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Chislehurst Cemetery

Introduction

The cemetery layout has changed little, although between 1938 and 1960 it was extended to the north. Today the cemetery is surrounded by iron railings. The main north-south path from the entrance is flanked by western red cedar trees, with a group of trees at the circle at the north end consisting of an oak, holly and a field maple. In the north-west corner of the cemetery is a memorial garden for cremations marked by horizontal inscribed slabs set into the grass, with another railed area on the north-east dedicated as a children's memorial area.

Chislehurst Cemetery, the largest of Bromley's municipal cemeteries, opened in 1912. The need for a new burial ground was noted from 1905 when the parish churchyard of St Nicholas was becoming full. The land, formerly a field, was purchased from Robert Marsham-Townshend, the Lord of the Manor of Chislehurst and Scadbury. A design competition was held for the cemetery buildings, won by Curtis Green, architect of the Dorchester Hotel. Milner, Son and White were appointed landscape gardeners in October 1910 to design the roads, paths, layout and planting. The cemetery layout has changed little, although by 1960 it had been extended to the north by annexing part of Hoblands Woods.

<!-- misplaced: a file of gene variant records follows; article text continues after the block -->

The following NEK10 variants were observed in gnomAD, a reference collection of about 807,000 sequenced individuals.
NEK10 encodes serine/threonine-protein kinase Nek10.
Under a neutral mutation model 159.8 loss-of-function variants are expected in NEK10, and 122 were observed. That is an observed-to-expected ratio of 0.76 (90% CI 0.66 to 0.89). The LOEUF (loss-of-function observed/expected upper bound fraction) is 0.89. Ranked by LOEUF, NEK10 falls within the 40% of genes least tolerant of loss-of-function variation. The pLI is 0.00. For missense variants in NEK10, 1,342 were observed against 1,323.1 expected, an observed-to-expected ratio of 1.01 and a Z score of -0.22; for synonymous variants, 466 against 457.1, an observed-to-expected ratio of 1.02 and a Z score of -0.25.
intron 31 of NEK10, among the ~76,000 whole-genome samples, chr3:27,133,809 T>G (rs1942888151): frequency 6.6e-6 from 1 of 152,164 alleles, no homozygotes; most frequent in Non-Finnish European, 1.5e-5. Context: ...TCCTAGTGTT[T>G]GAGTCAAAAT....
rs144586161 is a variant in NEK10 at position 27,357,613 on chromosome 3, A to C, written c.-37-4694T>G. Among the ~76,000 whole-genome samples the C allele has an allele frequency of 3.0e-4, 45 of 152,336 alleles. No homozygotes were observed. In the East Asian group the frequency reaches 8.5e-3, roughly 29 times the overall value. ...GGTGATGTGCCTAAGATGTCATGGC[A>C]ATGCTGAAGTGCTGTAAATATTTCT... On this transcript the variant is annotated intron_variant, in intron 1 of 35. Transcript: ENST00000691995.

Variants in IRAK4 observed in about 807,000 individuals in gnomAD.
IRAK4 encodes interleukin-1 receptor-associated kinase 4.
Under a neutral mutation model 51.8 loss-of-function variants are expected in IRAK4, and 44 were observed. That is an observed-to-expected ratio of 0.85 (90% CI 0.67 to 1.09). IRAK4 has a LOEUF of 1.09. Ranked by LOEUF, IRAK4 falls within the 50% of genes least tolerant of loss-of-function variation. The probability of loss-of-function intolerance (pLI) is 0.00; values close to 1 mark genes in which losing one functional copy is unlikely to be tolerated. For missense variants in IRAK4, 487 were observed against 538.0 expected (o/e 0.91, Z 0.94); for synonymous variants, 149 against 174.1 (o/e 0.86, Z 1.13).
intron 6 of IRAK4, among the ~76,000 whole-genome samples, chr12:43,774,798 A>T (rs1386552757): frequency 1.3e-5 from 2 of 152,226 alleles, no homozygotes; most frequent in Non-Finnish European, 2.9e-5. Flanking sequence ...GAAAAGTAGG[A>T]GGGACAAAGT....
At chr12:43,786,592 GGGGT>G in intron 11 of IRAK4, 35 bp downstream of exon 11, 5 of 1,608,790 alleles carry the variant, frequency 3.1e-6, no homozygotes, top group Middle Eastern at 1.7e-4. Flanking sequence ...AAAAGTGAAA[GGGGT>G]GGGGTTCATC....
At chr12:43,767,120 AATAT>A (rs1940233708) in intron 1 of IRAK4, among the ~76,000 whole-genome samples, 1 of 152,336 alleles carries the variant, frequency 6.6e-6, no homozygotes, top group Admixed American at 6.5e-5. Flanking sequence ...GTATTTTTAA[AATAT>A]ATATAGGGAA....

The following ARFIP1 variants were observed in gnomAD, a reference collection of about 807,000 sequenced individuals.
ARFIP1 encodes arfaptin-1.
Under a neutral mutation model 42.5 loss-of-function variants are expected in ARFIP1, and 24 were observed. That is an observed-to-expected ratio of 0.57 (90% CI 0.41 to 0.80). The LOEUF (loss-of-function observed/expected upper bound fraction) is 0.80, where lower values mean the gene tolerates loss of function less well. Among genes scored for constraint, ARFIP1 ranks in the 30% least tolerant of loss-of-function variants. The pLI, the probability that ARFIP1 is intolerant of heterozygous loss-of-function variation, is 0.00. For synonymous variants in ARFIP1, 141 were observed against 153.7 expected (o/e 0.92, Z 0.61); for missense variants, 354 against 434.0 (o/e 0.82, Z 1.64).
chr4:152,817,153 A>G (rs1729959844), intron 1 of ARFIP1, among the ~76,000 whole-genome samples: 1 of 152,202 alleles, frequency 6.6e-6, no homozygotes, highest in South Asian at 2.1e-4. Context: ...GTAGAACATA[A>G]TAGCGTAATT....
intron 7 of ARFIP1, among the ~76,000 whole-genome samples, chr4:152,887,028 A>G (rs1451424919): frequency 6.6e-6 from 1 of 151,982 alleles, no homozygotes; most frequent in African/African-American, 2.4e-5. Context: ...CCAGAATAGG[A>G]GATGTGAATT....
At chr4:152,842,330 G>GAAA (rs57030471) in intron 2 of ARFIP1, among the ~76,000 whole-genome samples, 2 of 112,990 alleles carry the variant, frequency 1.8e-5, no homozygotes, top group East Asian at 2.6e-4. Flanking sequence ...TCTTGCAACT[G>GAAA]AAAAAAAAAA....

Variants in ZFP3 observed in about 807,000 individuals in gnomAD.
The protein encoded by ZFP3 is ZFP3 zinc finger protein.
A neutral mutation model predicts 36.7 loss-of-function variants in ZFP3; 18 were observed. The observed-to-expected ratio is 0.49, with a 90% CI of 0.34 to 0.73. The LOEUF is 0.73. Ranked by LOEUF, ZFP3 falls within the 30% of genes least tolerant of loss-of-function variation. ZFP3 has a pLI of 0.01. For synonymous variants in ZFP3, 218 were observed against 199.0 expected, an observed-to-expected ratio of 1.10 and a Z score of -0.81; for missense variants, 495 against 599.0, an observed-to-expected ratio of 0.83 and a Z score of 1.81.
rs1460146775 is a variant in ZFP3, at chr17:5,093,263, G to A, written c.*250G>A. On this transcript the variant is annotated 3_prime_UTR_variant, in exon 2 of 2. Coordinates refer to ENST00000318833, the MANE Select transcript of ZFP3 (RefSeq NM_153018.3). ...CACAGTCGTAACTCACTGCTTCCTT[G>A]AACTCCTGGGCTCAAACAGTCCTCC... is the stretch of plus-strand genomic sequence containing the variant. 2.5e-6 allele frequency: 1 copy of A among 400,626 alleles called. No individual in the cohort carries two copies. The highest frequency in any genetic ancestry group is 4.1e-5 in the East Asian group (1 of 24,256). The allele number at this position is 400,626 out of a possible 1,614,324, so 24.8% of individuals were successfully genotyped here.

Sources consulted:

LB Bromley Cemeteries page on website; Chislehurst and Sidcup UDC Minute Books, No 3 1904-06, No 4 1906-7, No 6 1908-9, No 7 1909-10, No 8 1910-11, No 9 1911-12 and No 10, 1912-13; D Spurgeon and R Hopper, 'Discover Chislehurst' (Baron, 2007), p.67.

For more information see http://www.londongardensonline.org.uk/gardens-online-record.asp?ID=BRO020

Visitor Access, Directions & Contacts

Access contact details

The cemetery is open daily - April-Sept: 10am-7pm; October-March 10am-4pm

Directions

Bus :160, 269 stop in Perry Street at end of Beaverwood Road.

Owners

London Borough of Bromley

History

Period

  • 20th Century (1901 to 1932)
  • Early 20th Century (1901 to 1932)
Associated People
Key Information

Type

Funerary Site

Purpose

Sacred / Ritual / Funerary

Principal Building

Religious Ritual And Funerary

Period

20th Century (1901 to 1932)

Survival

Extant

Hectares

5.07

Open to the public

Yes

References

Contributors

  • London Parks and Gardens Trust